By now we have an idea of how we can think about memory in the context of the brain(neuroscience) and our social settings(cognitive psychology). How are those theories imitated in deep learning algorithms?
Memory and Deep Learning
From the neuroscience and cognitive psychology theories of memories we know that any artificial memory system should have a specific set of characteristics to resemble human memory.
a)Partition a memory into segments that describe different areas of knowledge
b)Reassemble disparate segments into cohesive information structures
c)Retrieve data based on contextual and not directly related information as well as external data references
No discipline in computer science can benefit more from a human-like memory system than deep learning. Since its early days, there have been efforts in the deep learning space to model systems that simulate some of the key characteristics of human memory.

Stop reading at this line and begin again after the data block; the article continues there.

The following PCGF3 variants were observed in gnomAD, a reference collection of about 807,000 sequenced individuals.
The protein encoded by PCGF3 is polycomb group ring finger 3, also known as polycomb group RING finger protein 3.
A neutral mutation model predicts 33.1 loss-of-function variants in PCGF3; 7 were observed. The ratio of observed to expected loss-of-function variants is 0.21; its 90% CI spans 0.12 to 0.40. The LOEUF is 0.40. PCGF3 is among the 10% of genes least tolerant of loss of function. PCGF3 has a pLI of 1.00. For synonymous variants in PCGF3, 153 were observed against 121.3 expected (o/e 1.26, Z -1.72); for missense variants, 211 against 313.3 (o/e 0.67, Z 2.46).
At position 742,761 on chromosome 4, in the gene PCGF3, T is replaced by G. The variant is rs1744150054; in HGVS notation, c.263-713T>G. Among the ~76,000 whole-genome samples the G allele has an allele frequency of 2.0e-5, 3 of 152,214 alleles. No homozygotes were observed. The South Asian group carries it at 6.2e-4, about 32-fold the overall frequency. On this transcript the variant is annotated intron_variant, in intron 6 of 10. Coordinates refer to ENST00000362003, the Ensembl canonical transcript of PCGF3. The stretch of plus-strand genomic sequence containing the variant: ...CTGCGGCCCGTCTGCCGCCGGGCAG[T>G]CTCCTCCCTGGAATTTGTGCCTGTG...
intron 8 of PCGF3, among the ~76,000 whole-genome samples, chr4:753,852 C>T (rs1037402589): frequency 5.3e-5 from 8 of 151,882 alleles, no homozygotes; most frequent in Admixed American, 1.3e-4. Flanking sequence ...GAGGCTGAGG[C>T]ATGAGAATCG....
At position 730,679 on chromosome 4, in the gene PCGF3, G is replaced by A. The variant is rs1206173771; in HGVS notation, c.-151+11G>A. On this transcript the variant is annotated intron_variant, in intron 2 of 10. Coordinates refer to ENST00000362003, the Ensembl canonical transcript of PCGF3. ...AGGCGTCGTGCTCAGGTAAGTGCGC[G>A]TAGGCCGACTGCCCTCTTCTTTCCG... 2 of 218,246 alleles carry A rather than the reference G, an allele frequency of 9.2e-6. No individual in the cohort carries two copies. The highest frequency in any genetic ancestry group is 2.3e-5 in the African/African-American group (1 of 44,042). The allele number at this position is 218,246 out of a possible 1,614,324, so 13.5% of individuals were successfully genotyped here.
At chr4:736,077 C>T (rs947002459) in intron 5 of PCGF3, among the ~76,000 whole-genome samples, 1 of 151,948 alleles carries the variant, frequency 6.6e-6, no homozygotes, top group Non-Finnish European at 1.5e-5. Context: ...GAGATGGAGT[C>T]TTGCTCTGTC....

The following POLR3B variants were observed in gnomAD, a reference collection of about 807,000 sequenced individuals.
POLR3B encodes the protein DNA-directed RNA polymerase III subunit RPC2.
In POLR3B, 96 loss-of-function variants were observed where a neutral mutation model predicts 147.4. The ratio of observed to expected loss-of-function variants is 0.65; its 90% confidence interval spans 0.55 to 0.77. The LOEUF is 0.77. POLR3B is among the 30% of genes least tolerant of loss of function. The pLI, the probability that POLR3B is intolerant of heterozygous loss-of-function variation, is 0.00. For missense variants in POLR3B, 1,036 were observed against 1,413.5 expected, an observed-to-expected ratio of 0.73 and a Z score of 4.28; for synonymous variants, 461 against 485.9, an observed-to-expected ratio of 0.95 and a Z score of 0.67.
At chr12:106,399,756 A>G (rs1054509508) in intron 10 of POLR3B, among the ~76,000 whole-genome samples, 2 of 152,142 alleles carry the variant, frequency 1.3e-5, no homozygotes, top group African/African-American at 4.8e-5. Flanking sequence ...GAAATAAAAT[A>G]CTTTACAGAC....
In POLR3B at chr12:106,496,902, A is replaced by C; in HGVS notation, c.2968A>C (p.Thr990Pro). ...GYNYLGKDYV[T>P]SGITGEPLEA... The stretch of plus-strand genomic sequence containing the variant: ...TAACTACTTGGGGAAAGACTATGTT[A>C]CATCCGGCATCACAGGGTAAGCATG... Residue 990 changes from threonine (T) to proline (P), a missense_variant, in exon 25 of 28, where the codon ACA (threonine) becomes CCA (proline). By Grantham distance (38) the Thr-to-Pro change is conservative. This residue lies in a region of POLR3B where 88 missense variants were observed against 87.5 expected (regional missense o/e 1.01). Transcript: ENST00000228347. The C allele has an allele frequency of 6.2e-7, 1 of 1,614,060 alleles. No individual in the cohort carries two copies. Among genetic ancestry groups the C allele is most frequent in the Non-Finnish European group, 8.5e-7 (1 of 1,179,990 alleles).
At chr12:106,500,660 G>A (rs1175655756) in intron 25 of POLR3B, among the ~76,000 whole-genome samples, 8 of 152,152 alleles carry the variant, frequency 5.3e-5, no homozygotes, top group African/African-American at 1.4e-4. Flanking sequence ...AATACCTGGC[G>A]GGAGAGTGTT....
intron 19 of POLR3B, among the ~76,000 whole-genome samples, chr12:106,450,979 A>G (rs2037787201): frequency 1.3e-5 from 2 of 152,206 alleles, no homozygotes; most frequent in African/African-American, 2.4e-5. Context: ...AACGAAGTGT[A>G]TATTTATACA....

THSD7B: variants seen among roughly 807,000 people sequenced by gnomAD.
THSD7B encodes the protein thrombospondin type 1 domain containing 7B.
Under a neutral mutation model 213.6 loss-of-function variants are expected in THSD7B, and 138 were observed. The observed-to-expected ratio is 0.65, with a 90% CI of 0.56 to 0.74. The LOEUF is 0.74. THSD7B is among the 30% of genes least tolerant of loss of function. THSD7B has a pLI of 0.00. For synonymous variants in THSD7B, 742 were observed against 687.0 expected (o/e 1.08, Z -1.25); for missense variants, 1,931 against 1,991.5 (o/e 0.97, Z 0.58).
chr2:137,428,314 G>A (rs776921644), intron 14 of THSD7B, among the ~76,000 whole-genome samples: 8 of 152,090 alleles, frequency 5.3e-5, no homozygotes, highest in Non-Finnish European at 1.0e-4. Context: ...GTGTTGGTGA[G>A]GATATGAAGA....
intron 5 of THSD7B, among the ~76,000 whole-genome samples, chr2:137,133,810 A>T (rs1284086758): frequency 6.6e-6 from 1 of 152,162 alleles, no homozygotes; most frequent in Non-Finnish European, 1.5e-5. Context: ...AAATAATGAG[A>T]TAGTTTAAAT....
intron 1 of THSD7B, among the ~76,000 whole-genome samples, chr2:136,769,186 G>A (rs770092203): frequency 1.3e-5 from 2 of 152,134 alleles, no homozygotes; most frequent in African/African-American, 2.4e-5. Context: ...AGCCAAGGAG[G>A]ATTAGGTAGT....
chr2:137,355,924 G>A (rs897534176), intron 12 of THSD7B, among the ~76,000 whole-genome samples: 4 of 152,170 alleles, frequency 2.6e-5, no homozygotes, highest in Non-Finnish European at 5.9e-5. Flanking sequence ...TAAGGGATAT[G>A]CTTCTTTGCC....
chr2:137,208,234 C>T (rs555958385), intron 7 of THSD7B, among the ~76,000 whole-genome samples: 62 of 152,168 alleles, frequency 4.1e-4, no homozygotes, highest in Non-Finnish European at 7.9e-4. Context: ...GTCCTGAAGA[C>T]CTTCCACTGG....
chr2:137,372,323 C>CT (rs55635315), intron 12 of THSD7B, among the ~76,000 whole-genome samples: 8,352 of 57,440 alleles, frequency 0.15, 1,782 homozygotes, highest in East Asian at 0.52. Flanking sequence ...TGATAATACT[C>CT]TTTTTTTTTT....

Deep Learning and Explicit Memory
In order to understand the relevance of memory in deep learning models, we should differentiate between the concepts of implicit and explicit knowledge. Implicit knowledge is typically subconscious and, consequently, hard to explain. We can find examples of implicit knowledge in areas such as speech and vision analysis such as recognizing a monkey in a picture or the tone and mood in a spoken sentence. Contrasting with that model, explicit knowledge is easily modeled declaratively. For instance, understanding that a monkey is a kind of animal or that certain adjectives are offensive are classic examples of explicit knowledge. We know that deep learning algorithms have made incredible progress representing implicit knowledge byyt they still struggle modeling and “memorizing” explicit knowledge.